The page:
"I have seen you leading your flock on the moors. I have seen how you single-handedly destroyed that red fox and gathered your sheep once again. Cadeyrn, men are much like sheep. You do know how to battle, and you do know how to lead. You are the one I have chosen to lead my men into battle - and when you return, the victor shall be rewarded with much of the spoil, and you shall marry my daughter, Cathail, and you shall become son-in-law to the king.
"Retire to the sleeping chamber. The men are already in the field. But you, the new commander, must get a restful night of sleep. You will leave at daybreak."
How was I to get a restful night of sleep? I prayed to the gods for help. No help was forthcoming as I lay awake through the night waiting for dawn.
Bran came to rouse me. It was time to charge the village as they slept. The king's own priest blessed me before we left on this dangerous mission. I knew the Druid gods would be with me. Lugh was all-powerful and worth every effort of war to honor him. He would grant the victory to bring glory to his name.
The battle was planned to be fought and victory secured just before the Feast of Lughnasa. The feast ushers in the autumn, and if Lugh is pleased, he will allow a great crop to be gathered. Victory was imperative, and every fighting soul trusted in the name of Lugh to bring the victory. We knew as we set out that we would return as conquering men.
The footmen began their march toward the village. Many villages were interspersed amongst the hill country. We had our eye on only one. The march up the hill would be a most difficult task, but we knew Lugh would strengthen us.
Following the footmen, the chariots rumbled on. The horses neighed as they drew the heavy chariots of iron. The hill presented an even more difficult obstacle for the chariots. As we approached the village, the footmen parted left and right, and the chariots plowed through charging the sleeping village. The footmen then followed close behind to assure no one would escape. The rattling carriages awoke some of the citizens, but it was too late. We pillaged the town and took the best of everything. We burned the rest.
Returning to the village was much faster than the ascent even though the chariots were filled with the wealth of the village. Some held gold and silver. Others were filled with precious jewels. Still, others carried goodly garments of the finest material.
With the chariots leading the way, the captives followed close behind. Most of the men were lost in battle, but we spared the village king and his priest. They would now serve King Fergus. The women and children would become slaves of my master.
We returned to the castle and to a throng of shouting people. All were praising the great Lugh - and me, Cadeyrn. My life had changed in one day, overnight, in an instant, from a poor peasant boy to a hero of the land - from a taste of innocence to the taste of blood.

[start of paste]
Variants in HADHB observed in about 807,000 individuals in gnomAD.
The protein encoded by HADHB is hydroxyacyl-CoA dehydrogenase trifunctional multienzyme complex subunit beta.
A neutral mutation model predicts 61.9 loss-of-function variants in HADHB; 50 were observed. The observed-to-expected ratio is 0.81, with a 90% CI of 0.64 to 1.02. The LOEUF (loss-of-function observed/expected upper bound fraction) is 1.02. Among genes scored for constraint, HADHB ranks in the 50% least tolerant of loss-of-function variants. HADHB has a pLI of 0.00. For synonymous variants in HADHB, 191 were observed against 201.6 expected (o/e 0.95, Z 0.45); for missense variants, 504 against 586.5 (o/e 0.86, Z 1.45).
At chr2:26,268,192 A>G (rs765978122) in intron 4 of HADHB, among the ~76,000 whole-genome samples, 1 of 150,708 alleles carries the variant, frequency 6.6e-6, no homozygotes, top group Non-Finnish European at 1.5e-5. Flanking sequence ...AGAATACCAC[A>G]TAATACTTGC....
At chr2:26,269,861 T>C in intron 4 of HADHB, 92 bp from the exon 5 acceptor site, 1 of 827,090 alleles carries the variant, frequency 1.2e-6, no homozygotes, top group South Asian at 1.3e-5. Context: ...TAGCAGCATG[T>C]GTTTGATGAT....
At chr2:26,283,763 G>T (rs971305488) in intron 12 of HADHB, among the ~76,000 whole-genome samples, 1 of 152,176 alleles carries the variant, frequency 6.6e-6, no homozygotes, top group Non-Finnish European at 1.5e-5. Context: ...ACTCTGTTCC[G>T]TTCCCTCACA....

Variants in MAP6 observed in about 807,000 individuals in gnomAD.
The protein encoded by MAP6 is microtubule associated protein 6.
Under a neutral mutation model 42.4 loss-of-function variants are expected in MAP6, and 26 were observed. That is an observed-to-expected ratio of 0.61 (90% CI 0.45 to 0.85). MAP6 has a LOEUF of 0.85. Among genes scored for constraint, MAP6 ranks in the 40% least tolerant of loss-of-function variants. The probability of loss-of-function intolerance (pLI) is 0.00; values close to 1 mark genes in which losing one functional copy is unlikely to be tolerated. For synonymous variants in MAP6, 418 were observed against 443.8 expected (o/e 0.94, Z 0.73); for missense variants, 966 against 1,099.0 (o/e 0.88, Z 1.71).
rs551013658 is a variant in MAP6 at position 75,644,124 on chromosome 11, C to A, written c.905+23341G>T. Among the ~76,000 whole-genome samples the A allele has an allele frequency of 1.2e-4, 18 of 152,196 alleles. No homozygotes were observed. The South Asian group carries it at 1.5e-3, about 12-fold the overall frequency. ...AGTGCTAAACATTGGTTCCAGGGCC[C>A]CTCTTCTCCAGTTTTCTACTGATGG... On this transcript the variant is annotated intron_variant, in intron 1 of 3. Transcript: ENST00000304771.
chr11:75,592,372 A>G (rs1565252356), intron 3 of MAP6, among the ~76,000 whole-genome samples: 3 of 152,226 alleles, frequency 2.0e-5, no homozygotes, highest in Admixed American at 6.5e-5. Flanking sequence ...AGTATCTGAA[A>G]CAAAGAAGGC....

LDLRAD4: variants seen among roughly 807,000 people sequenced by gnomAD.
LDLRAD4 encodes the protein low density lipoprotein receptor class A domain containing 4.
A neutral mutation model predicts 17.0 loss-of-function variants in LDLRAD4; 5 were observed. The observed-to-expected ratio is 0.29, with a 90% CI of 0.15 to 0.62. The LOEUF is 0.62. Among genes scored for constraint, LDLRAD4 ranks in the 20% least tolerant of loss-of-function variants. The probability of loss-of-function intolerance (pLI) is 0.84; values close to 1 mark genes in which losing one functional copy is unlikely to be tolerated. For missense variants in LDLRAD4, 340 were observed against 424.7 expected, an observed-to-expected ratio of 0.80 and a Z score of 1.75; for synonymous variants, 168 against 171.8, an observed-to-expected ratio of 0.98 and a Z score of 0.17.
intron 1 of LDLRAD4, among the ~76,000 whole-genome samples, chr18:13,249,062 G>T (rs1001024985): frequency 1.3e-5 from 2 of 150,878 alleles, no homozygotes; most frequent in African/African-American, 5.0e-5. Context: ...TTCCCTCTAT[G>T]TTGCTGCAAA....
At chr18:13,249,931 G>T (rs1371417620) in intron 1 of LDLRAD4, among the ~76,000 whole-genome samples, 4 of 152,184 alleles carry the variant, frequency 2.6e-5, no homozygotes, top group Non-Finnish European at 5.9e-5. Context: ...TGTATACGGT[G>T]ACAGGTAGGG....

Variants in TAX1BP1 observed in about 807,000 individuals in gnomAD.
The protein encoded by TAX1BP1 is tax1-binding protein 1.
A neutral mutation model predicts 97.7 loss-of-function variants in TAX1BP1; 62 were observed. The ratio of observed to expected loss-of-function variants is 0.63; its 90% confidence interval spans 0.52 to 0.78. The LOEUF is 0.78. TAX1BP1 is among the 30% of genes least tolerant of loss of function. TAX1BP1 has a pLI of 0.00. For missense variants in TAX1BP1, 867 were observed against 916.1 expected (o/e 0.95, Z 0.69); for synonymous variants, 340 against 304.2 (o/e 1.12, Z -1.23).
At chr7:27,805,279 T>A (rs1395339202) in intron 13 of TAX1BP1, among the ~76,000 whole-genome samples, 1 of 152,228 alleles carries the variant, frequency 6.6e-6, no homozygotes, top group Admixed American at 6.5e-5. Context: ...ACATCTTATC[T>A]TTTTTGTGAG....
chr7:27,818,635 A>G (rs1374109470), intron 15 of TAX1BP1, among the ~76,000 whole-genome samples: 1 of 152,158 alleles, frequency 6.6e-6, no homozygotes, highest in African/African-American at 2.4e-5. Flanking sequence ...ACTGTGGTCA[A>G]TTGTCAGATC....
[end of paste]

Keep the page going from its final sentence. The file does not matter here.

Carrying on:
The king stepped from the crowd and walked toward me, his daughter Cathail on his right arm. "As promised, my wonderful Cadeyrn, here is the reward of your effort. I give you my daughter to wife." The king placed the hand of Cathail in mine.
I first looked the king in his eyes. Then I bowed. "My, lord, may I have leave of you so that I may enjoy your generous gift. We shall retire to the forest and make a home in the deep wood."
"Yes," he answered. But you must return in three days. There are more villages to take and more rewards to claim. You may go with my blessing."
We dreamed of the days ahead. We dreamed of little ones dancing around the evening fire. We dreamed of befriending the fairies and the wee folk of the forest. We enjoyed making plans of the time to come. We imagined ourselves settling into later years together. I would not always be the king's warrior but would return to the simple life of shepherd of the open field. We would raise our own food, plant our own crops, 'fend for ourselves against the bears and other wild beasts of the field.
A stream running through the trees traced its way through the woods. This would be the perfect place for us to dwell. All the cool water we could drink. All the fresh fish we could eat. Sheltered by the trees, we would be protected from the storms that so often crept in unaware. In time, we would clear a parcel of land for the sheep.
But dreams are shaken too easily. it was time to return to do the king's bidding.
We would not know what we were returning to until we returned. A feeling of grief and guilt covered me. If I had been here, this would not have happened.
- Cadeyrn's Tale - Part 2
Cadeyrn takes vengeance on Cynbel for his cruel tactics.
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© 2019 William Kovacic